There are few words in the English language capable of making mouths salivate as intensely as the word “doughnut.” The deep-fried halo has served as the emblem of American breakfast since the early 20th century; as its long reign continues, establishments like Oliboli Doughnuts in Old Town Tustin continue to find creative takes on the classic confection.
Deriving its name from the Dutch pastry, oliebollen, this doughnut shop is not your run-of-the-mill neighborhood doughnut shop with the staple pink boxes. Ingredients like daily hand-milled grains, kefir and coconut oil for frying help set the store apart from the standard and are especially attractive to the crowd of consumers recent health-food trends have amassed.
Head chef and co-owner Brooke DesPrez also helped found Sidecar Doughnuts in 2012, another gourmet doughnut store in Costa Mesa with characteristically long lines and now several other locations.
From the rather small menu, I selected the orange, cactus pear and burnt butter bourbon bacon doughnuts. Other flavors seemed simple but refreshingly unconventional, like pistachio and lavender sugar, and others more elaborate, like vegan Bibingka and fry bread with house ricotta and pine jam.
As a firm loyalist to the blueberry cake doughnut, one bite of the orange cake made me question my allegiance. I was welcomed with the subtle yet vibrant aromatics of orange zest breaking into the slightly crisp exterior of the doughnut. The cake was alluringly moist and of an appropriate sweetness that highlighted the citrus notes.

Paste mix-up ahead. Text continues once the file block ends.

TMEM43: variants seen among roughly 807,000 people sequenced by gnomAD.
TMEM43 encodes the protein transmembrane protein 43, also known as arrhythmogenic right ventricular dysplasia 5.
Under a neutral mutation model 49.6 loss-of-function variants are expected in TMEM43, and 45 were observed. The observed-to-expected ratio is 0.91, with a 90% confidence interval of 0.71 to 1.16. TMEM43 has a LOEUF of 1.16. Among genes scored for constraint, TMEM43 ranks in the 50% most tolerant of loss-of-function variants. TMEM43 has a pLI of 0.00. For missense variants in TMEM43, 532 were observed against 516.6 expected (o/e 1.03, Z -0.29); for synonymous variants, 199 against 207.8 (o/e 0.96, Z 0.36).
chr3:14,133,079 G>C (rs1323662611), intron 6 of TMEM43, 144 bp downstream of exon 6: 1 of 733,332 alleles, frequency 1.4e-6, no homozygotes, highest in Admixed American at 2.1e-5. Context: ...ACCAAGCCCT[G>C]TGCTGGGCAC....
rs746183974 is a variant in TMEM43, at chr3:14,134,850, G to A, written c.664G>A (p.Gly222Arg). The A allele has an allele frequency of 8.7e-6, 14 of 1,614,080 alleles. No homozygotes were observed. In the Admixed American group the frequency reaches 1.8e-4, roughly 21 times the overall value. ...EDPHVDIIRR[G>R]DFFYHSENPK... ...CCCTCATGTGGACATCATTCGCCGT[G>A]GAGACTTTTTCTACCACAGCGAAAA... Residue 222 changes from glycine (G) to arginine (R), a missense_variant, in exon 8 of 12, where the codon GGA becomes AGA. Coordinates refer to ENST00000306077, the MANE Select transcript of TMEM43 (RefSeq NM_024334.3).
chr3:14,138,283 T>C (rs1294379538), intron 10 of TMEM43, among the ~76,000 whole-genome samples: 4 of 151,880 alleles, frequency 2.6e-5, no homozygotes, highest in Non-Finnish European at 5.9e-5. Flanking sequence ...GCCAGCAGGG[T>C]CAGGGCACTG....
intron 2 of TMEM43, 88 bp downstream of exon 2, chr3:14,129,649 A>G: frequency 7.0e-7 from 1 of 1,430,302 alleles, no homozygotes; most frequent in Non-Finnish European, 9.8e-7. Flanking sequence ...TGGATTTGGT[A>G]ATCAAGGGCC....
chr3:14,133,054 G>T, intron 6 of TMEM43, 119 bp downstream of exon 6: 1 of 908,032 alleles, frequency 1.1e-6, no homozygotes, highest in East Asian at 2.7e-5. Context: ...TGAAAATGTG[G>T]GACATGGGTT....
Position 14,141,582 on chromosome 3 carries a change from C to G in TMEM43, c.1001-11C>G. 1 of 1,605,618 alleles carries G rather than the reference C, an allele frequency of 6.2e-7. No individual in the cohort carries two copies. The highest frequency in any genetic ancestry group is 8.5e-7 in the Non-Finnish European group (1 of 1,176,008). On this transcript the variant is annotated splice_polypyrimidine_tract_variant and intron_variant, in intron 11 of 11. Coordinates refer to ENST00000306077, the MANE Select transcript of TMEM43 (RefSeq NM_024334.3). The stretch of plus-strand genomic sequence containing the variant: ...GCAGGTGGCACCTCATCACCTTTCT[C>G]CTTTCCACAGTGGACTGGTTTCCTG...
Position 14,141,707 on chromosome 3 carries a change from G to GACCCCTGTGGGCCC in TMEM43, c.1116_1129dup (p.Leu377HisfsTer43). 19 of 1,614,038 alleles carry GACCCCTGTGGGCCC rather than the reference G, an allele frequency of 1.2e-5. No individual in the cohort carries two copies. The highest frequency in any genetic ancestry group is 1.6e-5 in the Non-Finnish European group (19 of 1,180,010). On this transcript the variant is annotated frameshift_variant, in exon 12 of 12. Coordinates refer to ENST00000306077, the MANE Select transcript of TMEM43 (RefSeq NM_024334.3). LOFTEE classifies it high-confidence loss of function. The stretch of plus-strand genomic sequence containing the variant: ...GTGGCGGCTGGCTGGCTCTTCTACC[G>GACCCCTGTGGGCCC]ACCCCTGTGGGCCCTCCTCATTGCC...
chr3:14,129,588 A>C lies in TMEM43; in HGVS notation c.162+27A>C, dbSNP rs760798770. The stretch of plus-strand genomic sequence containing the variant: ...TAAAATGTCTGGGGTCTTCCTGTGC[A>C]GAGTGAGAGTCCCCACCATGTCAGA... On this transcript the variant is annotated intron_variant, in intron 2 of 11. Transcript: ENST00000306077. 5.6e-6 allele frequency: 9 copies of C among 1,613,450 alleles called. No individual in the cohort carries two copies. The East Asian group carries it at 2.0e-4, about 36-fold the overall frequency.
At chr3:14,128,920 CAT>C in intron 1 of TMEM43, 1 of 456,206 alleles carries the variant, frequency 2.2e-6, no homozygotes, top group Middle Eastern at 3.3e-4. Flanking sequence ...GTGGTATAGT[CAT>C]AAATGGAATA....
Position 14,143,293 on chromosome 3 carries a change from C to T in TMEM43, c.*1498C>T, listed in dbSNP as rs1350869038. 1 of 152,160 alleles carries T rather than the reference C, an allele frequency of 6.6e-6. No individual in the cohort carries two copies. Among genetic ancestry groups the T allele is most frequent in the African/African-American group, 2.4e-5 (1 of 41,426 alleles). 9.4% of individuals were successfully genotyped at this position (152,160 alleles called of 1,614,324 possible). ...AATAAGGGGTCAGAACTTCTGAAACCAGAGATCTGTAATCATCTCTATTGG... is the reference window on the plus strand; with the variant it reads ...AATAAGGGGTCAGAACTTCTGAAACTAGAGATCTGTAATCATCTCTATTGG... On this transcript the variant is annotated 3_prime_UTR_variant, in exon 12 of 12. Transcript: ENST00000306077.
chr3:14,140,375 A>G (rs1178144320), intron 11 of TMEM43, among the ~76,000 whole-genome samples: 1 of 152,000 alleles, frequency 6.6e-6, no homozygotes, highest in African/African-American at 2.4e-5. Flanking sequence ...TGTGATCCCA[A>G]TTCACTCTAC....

Mass-produced donuts pale in comparison to the tender and delicate crumb of Oliboli’s, with the fermented magic of the kefir likely taking a substantial part in leavening the dough. My understanding of the cake doughnut was reinvented; Oliboli’s lacks the grog-inducing greasiness and density that usually prevents me from finishing more than one.
The yeast doughnuts, served hot, were equally pleasant. The proudly-advertised 40 hours of proofing was evident in both doughnuts’ large size and airy texture. That being said, the cactus pear doughnut was good, but not exceptional. The pretty pink glaze was merely sweet and faintly floral in taste, making the dough itself more of the star.
However, the bright savoriness of the bacon doughnut was a much-needed change of pace from all the sweet I was consuming. It was a skilled balance of richness, saltiness and sweetness from what I observed before the rest of my family inhaled it.
From a place that takes so much care in the quality of its process and ingredients, you should not expect an experience like one at your average doughnut shop — nor the wonderfully low prices that we know and love either. Around $3 to $4 a pop, a bite from Oliboli is more of an artisanal, occasional indulgence than the old faithful, classic glazed ring you can haul by the dozen. Do not let the prices scare you away, though. A visit to this endearing little joint will do a fine job of filling a (doughnut) hole in your heart.